NCIX (National Counterintelligence Executive), United States Office of the
Formerly known as the National Counterintelligence Center (NACIC), the U.S. Office of the National Counterintelligence Executive (NCIX) was created early in the twenty-first century. It educates members of government organizations and the private sector on the need to maintain vigilance against espionage, both the political and national forum and in the economic and industrial arena. NCIX conducts regional seminars, issues publications, and produces other materials in support of its mission to provide the federal government with strong policy leadership in the area of counterintelligence education.
Establishment of the NCIX
Just two weeks before leaving office, on January 5, 2001, President William J. Clinton issued Presidential Decision Directive (PDD) 75, "U.S. Counterintelligence Effectiveness—Counterintelligence for the Twenty-first Century." PDD 75 presented specific measures that would enhance the ability of members of the U.S. counterintelligence (CI) community to identify and counteract threats.
First among the provisions of PDD 75 was the establishment of the Counterintelligence Board of Directors, which would be chaired by the director of the Federal Bureau of Investigation (FBI) and composed of the Deputy Secretary of Defense, the Deputy Director of Central Intelligence, and a senior representative of the Department of Justice. The directive also established the position of CI executive, or NCIX, to undertake certain responsibilities on behalf of the Board.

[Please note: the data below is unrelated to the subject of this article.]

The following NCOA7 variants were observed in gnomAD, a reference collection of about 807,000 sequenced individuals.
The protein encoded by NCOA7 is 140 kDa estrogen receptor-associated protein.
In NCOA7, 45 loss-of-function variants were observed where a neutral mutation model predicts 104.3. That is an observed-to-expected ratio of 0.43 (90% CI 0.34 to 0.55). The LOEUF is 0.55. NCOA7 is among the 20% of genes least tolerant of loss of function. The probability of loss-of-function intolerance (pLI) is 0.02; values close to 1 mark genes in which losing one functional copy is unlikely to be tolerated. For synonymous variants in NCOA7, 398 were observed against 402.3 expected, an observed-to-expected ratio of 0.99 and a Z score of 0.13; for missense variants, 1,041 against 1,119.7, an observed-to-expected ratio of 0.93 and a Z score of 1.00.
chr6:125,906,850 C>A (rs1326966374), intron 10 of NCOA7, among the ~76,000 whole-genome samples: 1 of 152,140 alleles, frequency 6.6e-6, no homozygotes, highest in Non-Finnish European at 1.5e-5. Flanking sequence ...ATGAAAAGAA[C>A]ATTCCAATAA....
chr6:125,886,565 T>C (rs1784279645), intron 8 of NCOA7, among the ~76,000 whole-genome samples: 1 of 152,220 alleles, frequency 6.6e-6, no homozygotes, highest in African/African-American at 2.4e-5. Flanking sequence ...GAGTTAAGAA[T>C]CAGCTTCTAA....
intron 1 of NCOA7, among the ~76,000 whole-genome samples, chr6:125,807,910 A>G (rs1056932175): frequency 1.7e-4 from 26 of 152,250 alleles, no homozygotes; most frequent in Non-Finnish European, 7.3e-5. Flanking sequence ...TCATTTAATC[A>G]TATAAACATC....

The NCIX, who would serve as a de facto director of counterintelligence activities at the national level, would be a federal employee selected by the board with the agreement of the Attorney General, Director of Central Intelligence, and the Secretary of Defense. The NCIX would work closely with the National Coordinator for Security, Infrastructure Protection, and Counterterrorism. He or she would report to the FBI director, as board chairperson, but would be accountable to all board members, and would have the responsibility of advising them on counterintelligence programs, policies, and challenges.
PDD 75 went on to stipulate that the NCIX would chair the National Counterintelligence Policy Board, whose members would include (at a minimum) senior counterintelligence officials from the departments of State, Defense, Justice, and Energy, as well as from the Joint Chiefs of Staff, Central Intelligence Agency, FBI, and National Security Council (NSC). The NCIX would also oversee the Office of the National Counterintelligence Executive, which would replace the old NACIC.
NACIC background and the change to the Office of the NCIX. Whereas the new Office of the NCIX was ultimately under the leadership of the FBI, the NACIC had been attached to the NSC. Established by an earlier Presidential Decision Directive, in 1994, NACIC was also responsible for guiding U.S. counterintelligence activities. It was controlled by a National Counterintelligence Policy Board directed by the NSC, and had a number of functions, among them efforts to counter economic or industrial espionage.